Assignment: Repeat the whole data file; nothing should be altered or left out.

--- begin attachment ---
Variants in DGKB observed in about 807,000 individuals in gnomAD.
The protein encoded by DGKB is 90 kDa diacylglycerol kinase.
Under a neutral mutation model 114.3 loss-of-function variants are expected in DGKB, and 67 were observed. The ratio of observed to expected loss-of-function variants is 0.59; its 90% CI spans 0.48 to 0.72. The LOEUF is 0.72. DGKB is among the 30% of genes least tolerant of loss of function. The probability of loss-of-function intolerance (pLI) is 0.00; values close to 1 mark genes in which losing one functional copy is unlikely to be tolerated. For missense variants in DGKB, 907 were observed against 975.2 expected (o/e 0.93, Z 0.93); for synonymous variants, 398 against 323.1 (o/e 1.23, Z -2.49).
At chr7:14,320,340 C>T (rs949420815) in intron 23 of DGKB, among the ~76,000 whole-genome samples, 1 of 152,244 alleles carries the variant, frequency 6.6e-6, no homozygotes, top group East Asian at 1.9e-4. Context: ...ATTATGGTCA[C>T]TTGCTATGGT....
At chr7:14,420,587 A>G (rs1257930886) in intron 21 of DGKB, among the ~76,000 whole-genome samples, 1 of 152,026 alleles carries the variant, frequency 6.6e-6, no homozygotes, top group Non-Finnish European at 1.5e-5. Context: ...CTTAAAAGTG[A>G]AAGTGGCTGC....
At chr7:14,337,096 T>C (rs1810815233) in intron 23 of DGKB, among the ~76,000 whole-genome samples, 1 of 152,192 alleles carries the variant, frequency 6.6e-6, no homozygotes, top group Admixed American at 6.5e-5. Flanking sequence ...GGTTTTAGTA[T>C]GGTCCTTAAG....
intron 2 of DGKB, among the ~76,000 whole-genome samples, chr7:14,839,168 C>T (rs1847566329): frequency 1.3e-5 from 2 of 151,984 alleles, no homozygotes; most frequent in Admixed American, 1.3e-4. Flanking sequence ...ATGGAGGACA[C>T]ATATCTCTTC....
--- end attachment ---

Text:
Variants in DGKB observed in about 807,000 individuals in gnomAD.
The protein encoded by DGKB is 90 kDa diacylglycerol kinase.
Under a neutral mutation model 114.3 loss-of-function variants are expected in DGKB, and 67 were observed. The ratio of observed to expected loss-of-function variants is 0.59; its 90% CI spans 0.48 to 0.72. The LOEUF is 0.72. DGKB is among the 30% of genes least tolerant of loss of function. The probability of loss-of-function intolerance (pLI) is 0.00; values close to 1 mark genes in which losing one functional copy is unlikely to be tolerated. For missense variants in DGKB, 907 were observed against 975.2 expected (o/e 0.93, Z 0.93); for synonymous variants, 398 against 323.1 (o/e 1.23, Z -2.49).
At chr7:14,320,340 C>T (rs949420815) in intron 23 of DGKB, among the ~76,000 whole-genome samples, 1 of 152,244 alleles carries the variant, frequency 6.6e-6, no homozygotes, top group East Asian at 1.9e-4. Context: ...ATTATGGTCA[C>T]TTGCTATGGT....
At chr7:14,420,587 A>G (rs1257930886) in intron 21 of DGKB, among the ~76,000 whole-genome samples, 1 of 152,026 alleles carries the variant, frequency 6.6e-6, no homozygotes, top group Non-Finnish European at 1.5e-5. Context: ...CTTAAAAGTG[A>G]AAGTGGCTGC....
At chr7:14,337,096 T>C (rs1810815233) in intron 23 of DGKB, among the ~76,000 whole-genome samples, 1 of 152,192 alleles carries the variant, frequency 6.6e-6, no homozygotes, top group Admixed American at 6.5e-5. Flanking sequence ...GGTTTTAGTA[T>C]GGTCCTTAAG....
intron 2 of DGKB, among the ~76,000 whole-genome samples, chr7:14,839,168 C>T (rs1847566329): frequency 1.3e-5 from 2 of 151,984 alleles, no homozygotes; most frequent in Admixed American, 1.3e-4. Flanking sequence ...ATGGAGGACA[C>T]ATATCTCTTC....